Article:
Show Review: The Chicks Channel a Fierce Relatability

Photography by Nora Onanian

By Kira Weaver, Staff Writer

Artist: The Chicks

Venue: Xfinity Center, Mansfield

When: Tuesday, July 5th



“Where are we?,” a mom standing in the aisle, as I sit in seat W1, asks her daughter. Their voices, along with many others echoing on the outdoor ampiteater’s ceiling, are just now making their way in from the parking lot. Loose and loud, sobriety was not in the country genre-loving crowd’s agenda while planning out their attendance. 

As my eyes scan the aisles, I realize I sit amongst a sea of cowboy hats, typically with light washed denim pants and boots to match. These women aren’t of one age range though. Some look like my mom — mid-50s — while others look as if they just finished their freshman year of high school.

Looking at everyone, the dress code almost seems to be named after The Chicks’ most popular song, “Cowboy Take Me Away.” It makes me regret not wearing my own cowboy boots in solidarity, despite my already-formed summer sandal blisters. 



“I’m a big fan of the moon,” show opener Patty Griffin comments two songs into her set. She continues on, talking of how it’s something we all share; how we, the audience, could look up into the sky and stare at the same entity as a far away loved one. The moon allows us to feel connected in that way. 

Taking a breath, she picks up guitar and starts to strum the opening to the third song on the set list, “250,000 Miles.” The song, beginning from the bare drowning of repeated guitar chords, builds as we hear Patti’s accompanying guitarist join her on vocals for the first time. I notice how they fit so well together despite appearing to be positioned to contrast, even in their outfits. He wears all black and she is draped in white.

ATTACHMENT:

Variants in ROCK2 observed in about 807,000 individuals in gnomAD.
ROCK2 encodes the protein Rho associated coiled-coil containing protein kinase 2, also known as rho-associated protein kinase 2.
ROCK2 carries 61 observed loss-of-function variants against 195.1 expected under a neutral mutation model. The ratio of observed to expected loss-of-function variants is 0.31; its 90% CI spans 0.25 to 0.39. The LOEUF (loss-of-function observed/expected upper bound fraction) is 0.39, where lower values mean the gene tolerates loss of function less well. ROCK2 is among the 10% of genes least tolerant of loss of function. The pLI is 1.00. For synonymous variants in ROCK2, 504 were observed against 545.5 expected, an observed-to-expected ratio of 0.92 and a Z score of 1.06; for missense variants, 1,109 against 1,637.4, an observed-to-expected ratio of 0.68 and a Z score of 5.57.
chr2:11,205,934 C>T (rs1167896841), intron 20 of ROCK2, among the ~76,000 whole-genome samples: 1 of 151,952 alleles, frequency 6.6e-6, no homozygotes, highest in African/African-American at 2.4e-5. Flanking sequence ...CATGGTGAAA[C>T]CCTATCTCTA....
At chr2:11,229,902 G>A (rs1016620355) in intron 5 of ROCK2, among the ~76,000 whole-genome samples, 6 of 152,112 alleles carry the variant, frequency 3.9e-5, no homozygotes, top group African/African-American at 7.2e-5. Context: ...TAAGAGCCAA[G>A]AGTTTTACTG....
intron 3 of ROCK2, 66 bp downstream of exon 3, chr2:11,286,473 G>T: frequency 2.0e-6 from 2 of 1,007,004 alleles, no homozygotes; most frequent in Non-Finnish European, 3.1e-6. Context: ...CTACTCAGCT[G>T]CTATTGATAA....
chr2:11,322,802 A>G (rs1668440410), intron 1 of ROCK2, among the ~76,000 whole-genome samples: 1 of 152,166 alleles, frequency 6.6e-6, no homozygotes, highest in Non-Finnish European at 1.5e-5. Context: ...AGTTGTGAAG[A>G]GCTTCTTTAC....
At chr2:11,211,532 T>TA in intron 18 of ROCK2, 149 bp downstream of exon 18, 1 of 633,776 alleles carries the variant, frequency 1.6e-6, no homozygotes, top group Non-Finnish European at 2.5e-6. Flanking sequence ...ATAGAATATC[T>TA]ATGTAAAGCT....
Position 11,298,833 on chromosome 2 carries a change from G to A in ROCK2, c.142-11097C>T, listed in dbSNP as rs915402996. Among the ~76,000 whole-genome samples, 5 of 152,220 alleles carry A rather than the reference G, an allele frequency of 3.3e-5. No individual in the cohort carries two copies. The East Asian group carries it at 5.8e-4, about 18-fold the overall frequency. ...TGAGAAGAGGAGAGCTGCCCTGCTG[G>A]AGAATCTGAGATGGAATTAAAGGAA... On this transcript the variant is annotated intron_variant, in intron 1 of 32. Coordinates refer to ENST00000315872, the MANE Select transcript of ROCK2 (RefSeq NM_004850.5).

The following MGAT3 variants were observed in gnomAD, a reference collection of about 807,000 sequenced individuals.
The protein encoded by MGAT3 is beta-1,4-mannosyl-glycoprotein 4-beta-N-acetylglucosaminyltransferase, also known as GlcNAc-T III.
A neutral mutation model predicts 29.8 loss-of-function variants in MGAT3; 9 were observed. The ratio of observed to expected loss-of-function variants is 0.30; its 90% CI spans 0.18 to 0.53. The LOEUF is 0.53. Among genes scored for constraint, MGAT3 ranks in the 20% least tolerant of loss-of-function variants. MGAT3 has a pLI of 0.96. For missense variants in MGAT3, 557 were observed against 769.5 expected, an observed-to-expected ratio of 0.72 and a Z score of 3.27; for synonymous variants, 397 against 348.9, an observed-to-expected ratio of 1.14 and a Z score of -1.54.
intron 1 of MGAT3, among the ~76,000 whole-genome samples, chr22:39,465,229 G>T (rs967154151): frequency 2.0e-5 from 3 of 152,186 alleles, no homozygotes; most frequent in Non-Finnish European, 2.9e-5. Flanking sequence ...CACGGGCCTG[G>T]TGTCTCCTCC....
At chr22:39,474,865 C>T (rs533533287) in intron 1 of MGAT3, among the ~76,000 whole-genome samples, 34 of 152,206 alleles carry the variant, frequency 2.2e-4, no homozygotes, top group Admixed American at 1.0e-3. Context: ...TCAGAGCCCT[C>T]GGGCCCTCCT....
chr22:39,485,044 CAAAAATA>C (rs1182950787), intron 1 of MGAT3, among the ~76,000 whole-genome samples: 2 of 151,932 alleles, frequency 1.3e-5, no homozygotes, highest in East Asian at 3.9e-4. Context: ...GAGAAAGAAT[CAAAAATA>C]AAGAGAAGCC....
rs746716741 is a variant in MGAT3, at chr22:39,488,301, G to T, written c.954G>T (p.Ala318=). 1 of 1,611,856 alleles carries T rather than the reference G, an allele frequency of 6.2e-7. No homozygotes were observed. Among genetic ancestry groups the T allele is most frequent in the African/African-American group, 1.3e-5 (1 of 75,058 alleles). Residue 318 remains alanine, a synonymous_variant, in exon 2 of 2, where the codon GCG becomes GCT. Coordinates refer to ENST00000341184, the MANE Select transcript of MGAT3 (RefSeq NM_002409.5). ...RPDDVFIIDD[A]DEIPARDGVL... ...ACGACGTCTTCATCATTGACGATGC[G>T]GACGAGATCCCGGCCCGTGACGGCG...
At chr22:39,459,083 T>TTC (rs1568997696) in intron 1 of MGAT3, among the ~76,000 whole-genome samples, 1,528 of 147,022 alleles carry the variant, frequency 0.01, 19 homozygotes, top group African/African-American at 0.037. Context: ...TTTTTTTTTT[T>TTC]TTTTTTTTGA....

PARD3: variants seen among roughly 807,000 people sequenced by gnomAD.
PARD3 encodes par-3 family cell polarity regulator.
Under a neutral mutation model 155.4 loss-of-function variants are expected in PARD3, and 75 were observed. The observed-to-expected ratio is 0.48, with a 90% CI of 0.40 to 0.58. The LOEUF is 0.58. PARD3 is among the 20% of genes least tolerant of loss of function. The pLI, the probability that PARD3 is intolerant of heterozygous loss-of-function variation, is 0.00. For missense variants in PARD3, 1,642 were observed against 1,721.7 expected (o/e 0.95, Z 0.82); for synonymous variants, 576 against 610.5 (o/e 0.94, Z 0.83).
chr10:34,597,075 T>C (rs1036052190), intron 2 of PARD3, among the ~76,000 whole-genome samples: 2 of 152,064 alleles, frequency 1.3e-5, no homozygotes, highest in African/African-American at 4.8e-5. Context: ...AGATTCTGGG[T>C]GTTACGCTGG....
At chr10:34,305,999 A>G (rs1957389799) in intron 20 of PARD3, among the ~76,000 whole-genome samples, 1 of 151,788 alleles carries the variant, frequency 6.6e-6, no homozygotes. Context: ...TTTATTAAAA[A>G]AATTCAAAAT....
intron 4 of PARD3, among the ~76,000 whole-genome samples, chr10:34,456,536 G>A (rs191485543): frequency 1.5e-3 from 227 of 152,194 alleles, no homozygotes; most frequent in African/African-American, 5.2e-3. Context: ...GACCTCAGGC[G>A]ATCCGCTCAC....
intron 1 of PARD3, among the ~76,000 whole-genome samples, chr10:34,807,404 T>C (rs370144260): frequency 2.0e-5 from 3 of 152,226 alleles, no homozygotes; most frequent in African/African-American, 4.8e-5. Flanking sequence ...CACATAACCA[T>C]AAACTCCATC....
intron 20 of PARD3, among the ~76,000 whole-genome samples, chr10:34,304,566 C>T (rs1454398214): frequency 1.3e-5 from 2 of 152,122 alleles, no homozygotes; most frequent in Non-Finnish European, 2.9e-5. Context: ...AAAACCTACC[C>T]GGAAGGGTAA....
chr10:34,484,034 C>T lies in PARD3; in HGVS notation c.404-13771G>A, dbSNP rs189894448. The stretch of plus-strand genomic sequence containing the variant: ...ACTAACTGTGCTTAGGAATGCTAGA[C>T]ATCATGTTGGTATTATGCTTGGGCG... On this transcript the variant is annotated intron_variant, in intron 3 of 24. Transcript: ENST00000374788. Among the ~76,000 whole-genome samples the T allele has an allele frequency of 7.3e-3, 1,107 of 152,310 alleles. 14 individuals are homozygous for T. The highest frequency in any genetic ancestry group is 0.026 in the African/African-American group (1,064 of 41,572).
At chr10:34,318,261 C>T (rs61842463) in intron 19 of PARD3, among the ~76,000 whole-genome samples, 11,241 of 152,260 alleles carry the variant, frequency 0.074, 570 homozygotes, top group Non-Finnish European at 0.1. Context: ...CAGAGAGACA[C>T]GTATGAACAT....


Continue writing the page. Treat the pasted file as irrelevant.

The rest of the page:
The crowd feeds into the energy. They have this ability with their playing, where they are able to draw the audience in so intensely. Halfway through the song, the instrumentation is stripped back down to just Patti and her guitar and we are left to hear it all again. 

The fifth song, “Be Careful,” is one that I notice exudes a similar energy from the audience as the third. They don’t know the track, yet a sense of lulling repeatedness in it makes it feel familiar, like a song a mother sings to her daughter. The lyrics she sings over a simplistic guitar picking pattern remind me of repetitive poetry. 

The verses of the song repeat, “All the girls with the washin' rags,” “All the girls on the telephone,” “All the girls standin' all alone.” The only changes from line to line are the last parts of the phrases. Same goes for the chorus, featuring and repeating the song’s name, “Be careful how you bend me,” “Be careful where you send me.” As the song continues, the people are able to pick up on this, allowing them to start to sing along. 

Patty Griffin ends the set on a song facing inwards to her guitar partner as they once again talk of the moon, saying “let it be the moon.” Once the song comes to a close she turns to face us all again. She thanks us for listening, ending her statement with “maybe we will see you another,” and then walks away, guitar in hand. 



During the seventh song on the Chicks’ setlist, “How Do You Sleep at Night?,” there is a more rhymicatic interpretation to the lyrics. Natalie Maines on vocals is using her words, her voice, as a metaphysical punching bag, and the audience can tell. Almost egging her on, they cheer and chant, giving positive feedback to let the rage out. It makes me wonder, is there a published story on the contextual nature of it?